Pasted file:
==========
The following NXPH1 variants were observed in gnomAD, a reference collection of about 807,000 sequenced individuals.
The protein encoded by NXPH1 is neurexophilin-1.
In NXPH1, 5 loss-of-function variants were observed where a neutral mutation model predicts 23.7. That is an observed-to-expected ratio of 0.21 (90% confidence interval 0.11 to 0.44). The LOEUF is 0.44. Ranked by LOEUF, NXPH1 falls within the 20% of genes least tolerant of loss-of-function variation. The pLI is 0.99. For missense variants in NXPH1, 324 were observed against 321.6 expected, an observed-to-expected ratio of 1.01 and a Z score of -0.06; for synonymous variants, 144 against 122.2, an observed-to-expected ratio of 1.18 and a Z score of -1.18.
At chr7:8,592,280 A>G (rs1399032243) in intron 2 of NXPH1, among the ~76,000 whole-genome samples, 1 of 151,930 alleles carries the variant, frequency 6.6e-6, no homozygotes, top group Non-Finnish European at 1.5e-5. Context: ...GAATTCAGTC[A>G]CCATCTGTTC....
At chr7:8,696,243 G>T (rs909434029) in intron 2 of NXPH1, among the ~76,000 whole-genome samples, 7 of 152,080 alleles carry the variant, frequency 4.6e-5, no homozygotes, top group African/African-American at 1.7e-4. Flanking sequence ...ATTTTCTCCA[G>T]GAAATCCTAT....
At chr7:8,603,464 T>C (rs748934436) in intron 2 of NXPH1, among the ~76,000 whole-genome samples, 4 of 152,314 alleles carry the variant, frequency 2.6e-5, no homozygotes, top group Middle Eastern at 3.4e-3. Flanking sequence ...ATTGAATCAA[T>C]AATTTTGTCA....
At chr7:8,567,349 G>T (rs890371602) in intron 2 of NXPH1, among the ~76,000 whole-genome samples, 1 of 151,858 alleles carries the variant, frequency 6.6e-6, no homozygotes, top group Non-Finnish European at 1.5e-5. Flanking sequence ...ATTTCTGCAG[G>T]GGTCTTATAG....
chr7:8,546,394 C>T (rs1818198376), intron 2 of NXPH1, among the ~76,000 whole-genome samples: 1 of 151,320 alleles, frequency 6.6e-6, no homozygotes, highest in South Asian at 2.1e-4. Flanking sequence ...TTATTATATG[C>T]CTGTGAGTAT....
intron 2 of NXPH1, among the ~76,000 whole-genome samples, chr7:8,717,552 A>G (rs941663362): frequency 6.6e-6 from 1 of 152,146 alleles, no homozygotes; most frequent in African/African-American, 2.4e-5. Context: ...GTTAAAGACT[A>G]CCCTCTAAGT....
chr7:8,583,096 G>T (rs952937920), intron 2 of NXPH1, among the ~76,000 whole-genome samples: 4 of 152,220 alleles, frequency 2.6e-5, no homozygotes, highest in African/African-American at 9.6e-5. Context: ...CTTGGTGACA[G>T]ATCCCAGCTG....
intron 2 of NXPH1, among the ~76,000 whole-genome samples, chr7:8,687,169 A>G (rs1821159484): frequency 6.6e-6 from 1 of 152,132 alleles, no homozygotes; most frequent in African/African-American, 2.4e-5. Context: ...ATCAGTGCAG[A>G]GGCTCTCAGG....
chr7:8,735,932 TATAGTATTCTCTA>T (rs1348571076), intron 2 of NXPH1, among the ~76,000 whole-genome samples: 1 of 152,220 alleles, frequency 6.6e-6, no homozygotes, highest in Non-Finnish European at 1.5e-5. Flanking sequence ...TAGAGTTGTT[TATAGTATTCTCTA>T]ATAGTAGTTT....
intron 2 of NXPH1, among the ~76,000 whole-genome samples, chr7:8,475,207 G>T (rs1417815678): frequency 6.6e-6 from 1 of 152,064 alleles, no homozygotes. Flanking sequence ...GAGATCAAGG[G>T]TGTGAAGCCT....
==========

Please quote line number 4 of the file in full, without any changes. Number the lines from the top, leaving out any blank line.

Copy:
At chr7:8,592,280 A>G (rs1399032243) in intron 2 of NXPH1, among the ~76,000 whole-genome samples, 1 of 151,930 alleles carries the variant, frequency 6.6e-6, no homozygotes, top group Non-Finnish European at 1.5e-5. Context: ...GAATTCAGTC[A>G]CCATCTGTTC....